Wednesday, October 08, 2014

Texas DSHS: State Officials Follow Federal Guidance After Ebola Death

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Eric Duncan

 

# 9166

 

Six weeks ago, in anticipation that at some point we’d see an Ebola death in this country, we saw the release of the CDC’s Interim Ebola Guidance: Mortuary Removal and Handling. Today, those recommendations are going to be followed by the State of Texas in handling the remains of Eric Duncan, who sadly died this morning at Texas Health Presbyterian Hospital in Dallas.

 

Here is the emailed press release ase from the Texas Department of State Health Services.

 


NEWS RELEASE
Oct. 8, 2014

State Officials Follow Federal Guidance After Ebola Death

State health officials are following strict guidelines outlined by the U.S. Centers for Disease Control and Prevention in handling the body of a man who died earlier today after developing Ebola.


Thomas Eric Duncan died this this morning at Texas Health Presbyterian Hospital in Dallas. He was the first person diagnosed with Ebola in the United States.


"This is a difficult time for the family, and our thoughts are with them," said Dr. David Lakey, Texas health commissioner. "We will continue to treat Mr. Duncan with dignity and respect, and we're taking great care to make sure there is no additional risk that others could be infected."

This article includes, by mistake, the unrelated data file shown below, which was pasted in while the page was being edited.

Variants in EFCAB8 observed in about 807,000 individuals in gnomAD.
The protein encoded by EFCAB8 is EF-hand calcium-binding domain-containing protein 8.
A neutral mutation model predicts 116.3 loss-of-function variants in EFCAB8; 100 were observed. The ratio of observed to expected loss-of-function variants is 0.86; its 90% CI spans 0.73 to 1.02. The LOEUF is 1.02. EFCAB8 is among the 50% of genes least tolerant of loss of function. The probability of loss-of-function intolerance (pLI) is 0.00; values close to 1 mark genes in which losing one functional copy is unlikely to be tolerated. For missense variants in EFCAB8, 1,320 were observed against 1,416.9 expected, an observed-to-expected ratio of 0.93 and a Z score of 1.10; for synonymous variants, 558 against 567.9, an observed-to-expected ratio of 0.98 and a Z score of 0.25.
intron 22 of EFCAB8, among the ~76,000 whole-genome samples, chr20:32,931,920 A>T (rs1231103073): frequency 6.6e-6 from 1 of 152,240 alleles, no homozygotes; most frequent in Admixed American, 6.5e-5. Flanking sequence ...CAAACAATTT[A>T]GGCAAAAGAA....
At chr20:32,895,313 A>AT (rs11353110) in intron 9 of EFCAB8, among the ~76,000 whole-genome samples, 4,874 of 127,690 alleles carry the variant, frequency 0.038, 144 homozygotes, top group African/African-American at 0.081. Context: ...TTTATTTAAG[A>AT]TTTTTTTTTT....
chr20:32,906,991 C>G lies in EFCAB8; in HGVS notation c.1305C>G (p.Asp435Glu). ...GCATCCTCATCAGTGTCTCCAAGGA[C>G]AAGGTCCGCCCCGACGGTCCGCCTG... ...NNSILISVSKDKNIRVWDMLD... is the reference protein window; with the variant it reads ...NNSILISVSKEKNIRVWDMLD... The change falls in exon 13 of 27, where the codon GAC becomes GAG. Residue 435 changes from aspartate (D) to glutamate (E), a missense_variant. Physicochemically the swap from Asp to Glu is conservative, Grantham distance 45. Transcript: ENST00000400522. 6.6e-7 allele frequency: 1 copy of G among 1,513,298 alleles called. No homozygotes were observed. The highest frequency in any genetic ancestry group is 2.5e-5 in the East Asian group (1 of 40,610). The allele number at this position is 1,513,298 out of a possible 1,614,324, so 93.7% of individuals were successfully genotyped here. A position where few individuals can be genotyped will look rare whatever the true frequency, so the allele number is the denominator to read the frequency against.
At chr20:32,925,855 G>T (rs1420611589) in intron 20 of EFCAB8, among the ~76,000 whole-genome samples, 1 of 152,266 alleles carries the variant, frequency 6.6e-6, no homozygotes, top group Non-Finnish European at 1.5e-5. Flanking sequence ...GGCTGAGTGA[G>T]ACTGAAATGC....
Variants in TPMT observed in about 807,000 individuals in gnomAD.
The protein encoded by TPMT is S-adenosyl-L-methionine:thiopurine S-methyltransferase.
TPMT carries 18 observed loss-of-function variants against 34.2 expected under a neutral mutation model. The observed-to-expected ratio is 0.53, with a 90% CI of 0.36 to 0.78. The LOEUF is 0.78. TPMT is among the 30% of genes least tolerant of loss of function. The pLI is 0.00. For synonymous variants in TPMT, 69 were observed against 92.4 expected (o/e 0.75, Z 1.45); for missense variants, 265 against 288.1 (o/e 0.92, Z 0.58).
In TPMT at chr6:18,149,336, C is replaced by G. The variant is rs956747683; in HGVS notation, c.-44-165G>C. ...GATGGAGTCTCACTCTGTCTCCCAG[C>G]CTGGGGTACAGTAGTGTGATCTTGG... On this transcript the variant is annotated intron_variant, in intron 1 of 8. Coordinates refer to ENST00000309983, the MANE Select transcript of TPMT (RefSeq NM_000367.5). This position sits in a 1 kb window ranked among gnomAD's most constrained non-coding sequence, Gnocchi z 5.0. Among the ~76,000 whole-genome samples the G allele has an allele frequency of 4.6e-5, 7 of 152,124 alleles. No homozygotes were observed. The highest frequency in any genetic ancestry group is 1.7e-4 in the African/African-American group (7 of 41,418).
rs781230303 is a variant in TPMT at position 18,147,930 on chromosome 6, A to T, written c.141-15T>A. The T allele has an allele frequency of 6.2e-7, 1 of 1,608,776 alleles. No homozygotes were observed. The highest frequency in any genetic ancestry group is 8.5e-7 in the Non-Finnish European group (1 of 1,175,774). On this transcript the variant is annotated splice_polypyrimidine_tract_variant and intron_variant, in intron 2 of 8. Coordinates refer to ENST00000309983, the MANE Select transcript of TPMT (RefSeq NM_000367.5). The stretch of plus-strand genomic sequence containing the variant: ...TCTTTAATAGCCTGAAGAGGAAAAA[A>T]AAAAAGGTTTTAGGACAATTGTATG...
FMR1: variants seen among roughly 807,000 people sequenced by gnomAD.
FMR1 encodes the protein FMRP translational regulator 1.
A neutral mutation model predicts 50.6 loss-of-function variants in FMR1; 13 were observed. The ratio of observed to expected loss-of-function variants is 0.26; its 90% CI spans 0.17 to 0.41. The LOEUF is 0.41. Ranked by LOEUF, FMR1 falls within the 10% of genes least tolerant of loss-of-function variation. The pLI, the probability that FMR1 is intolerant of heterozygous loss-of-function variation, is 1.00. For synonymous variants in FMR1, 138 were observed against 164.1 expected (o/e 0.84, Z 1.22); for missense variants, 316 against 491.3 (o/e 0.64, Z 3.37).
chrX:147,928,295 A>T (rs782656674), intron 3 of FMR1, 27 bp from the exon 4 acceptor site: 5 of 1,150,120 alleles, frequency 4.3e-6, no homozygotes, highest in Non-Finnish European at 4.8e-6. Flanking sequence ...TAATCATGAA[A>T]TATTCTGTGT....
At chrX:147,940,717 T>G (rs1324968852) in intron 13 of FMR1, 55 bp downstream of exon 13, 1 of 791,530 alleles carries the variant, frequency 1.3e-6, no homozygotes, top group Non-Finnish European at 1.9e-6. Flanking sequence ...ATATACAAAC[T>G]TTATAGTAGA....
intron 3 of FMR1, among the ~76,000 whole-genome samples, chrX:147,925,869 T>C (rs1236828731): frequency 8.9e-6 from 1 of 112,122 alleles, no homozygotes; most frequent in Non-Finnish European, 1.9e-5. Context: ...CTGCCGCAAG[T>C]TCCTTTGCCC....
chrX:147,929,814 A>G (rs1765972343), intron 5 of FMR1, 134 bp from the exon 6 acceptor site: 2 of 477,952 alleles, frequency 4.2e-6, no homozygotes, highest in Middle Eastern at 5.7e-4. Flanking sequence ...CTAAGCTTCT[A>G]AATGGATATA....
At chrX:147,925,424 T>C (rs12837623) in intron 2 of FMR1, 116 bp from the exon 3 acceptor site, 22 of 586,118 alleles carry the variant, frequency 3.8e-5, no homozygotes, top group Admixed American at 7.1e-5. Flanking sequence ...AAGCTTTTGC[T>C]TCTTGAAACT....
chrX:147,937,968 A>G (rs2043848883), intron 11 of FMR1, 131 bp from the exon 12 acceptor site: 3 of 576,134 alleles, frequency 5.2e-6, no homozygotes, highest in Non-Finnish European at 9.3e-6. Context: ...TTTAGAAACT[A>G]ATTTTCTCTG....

The CDC has developed detailed instructions for handling a body infected with Ebola. The guidelines recommend careful preparation of the body before movement, including enclosing it in two bags and disinfecting the bags. After this process, the body can be transported without the need for protective gear for a driver or others who are near the body but don't handle the remains.


After that careful preparation, the body will be cremated. CDC guidelines say remains infected with Ebola can be cremated or "buried promptly in a hermetically sealed casket."


Dr. Lakey offered his personal condolences to the family and explained the reasons why the state recommended cremation. The family agreed.


The cremation process will kill any virus in the body so the remains can be returned to the family. No protective gear is needed to handle the remains after cremation.


CDC guidelines for health care workers, including those for handling human remains, are available at www.cdc.gov/vhf/ebola/hcp/index.html.


State and local officials are continuing to monitor 48 people who came into contact with the Dallas patient before he was isolated. None of those individuals has shown any symptoms of Ebola.


Ebola is spread through direct contact with blood, secretions or other bodily fluids or exposure to contaminated objects, such as needles. Ebola is not contagious until symptoms appear, which can occur two to 21 days after exposure.

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